People usually doesn't think much before taking their first swig of a cold Mountain Dew or biting into a sugary doughnut — but maybe they should.

A study from the University of the Incarnate Word, a private Catholic college in San Antonio, Texas, found that increased sugar intake among college-aged students is common. 

Students from the university between the ages of 18 and 24 were given a questionnaire that included questions about their sugar consumption and habits. The questionnaire determined that taste, price and peer pressure mostly affected excess sugar consumption. 

These conclusions show the need for reducing added sugar intake and emphasizing a healthy eating pattern, according to the study.

Julayne Ross is a clinical dietician at Jay County Hospital. Ross sees inpatients at the hospital and gives advice regarding nutrition and diabetes, along with setting up patients with outpatient classes. Ross also works with a program that helps with overweight kids ages seven to 17 called Stop Taking On Pounds, or S.T.O.P. 

Ross said the added sugar consumption among some diets is a problem, especially the sugar found in sugary drinks, since it is easier to dismiss sugar in the liquid form. Sugary drinks may include soft drinks, sweetened and some sports drinks. 

According to the university study, most of the students drank one or more sugar-sweetened beverages daily, or at least several times per week.

“Unless they see a problem that smacks them in the face, they’re not thinking there’s a problem,”  Ross said. 

While Ross said consuming a lot of sugar doesn’t necessarily cause diabetes, consuming sugary products paired with inactivity can lead to being overweight, which in turn can create type-2 diabetes due to insulin resistance.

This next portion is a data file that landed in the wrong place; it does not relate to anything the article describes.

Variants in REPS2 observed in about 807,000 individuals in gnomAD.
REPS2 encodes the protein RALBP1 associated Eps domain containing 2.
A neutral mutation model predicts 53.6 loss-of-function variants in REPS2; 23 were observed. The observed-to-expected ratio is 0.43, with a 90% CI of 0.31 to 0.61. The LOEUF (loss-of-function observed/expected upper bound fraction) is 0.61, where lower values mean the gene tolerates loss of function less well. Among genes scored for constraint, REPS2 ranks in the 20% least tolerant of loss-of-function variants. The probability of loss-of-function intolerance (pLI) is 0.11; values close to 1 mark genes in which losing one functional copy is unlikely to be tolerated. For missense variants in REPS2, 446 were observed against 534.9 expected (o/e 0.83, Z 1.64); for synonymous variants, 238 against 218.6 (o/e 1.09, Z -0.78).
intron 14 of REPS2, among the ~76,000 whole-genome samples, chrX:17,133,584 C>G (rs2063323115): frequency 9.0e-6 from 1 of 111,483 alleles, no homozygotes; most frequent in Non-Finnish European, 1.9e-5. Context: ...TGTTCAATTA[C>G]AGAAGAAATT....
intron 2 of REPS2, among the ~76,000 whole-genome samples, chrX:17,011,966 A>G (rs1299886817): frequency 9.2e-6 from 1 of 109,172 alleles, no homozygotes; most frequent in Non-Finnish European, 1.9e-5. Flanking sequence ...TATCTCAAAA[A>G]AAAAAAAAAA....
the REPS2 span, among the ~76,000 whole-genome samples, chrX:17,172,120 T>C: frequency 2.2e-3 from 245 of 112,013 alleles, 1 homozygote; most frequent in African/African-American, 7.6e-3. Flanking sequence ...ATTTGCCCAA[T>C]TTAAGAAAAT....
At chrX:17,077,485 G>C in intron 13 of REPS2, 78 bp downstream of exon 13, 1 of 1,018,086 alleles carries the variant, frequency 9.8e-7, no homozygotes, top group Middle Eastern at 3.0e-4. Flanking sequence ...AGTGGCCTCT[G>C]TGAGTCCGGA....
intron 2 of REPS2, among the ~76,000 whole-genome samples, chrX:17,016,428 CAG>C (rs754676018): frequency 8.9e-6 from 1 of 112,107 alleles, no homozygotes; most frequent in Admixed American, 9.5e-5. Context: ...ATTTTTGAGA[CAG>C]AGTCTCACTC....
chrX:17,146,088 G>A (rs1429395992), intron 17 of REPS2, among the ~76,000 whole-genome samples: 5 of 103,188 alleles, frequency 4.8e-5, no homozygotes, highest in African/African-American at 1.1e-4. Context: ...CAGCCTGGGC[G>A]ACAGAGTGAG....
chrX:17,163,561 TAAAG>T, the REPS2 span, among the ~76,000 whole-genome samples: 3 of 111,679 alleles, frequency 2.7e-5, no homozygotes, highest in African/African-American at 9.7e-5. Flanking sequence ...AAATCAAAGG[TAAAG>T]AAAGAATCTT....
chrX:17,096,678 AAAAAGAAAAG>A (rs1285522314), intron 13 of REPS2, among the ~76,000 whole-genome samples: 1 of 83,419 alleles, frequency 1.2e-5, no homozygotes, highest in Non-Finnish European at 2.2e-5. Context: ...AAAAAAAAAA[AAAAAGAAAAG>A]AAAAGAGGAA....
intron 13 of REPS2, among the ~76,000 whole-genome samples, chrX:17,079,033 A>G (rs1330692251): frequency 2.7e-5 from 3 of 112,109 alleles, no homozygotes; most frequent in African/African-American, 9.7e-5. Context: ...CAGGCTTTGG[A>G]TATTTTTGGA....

“If there’s any health problem, inflammation is part everything,” Ross said. "High sugar amounts running through the body can cause inflammation within, an example being the arteries, which can lead to heart disease."

At S.T.O.P., Ross tries to make a point by showing the kids the exact amount of sugar there is in a drink in order to create a visual of the sugar that they are consuming. 

“I don’t know if I truly believe in the fact that it’s like, ‘I have sugar, so I’m addicted to sugar,’” said Ross. “We just get in habits of having what we like and what make us feel good and what tastes good. Anything we do can be habit-forming.” 

Ross also said the dangers of sugar consumption often depends on the lifestyle of the individual.

“Someone who is of normal weight and they’re having the occasional cola would not be [a] problem. Sometimes it kind of depends on the person,” Ross said.

Labels on food can be deceiving since the “sugars” label can come from fructose, lactose and a variety of other things, Ross said. She said a new label is supposed to be unveiled within the next year, which will have a section for “sugars” and another section for “added sugars.” 

Kristian Beers, a freshman pre-dental hygiene major, wanted to see what would it be like if she stopped consuming non-natural sugars. So, she logged the food that she ate every day, and, after a week, she said she felt a bit different.

“I started feeling a lot better. When I was having all that sugar I was just sluggish,” Beers said. “I felt like it was draining me.”

Beers said she lost six to seven pounds over the course of the week and felt as if she had more energy than she normally had. She also found getting out of bed in the morning was easier to do.

Beers already did not consume meat, dairy or soft drinks prior to the experiment but said  during the experiment she cut out mostly dessert items and packaged foods. She plans to continue a low sugar diet but will probably have an occasional treat here and there.

Ross said making changes in a diet can either be all-or-nothing, like Beers, or just making slight gradual changes, but only if a person genuinely wants to see a change.  

Contact Andrew Harp with comments at or on Twitter at @retr0andrew.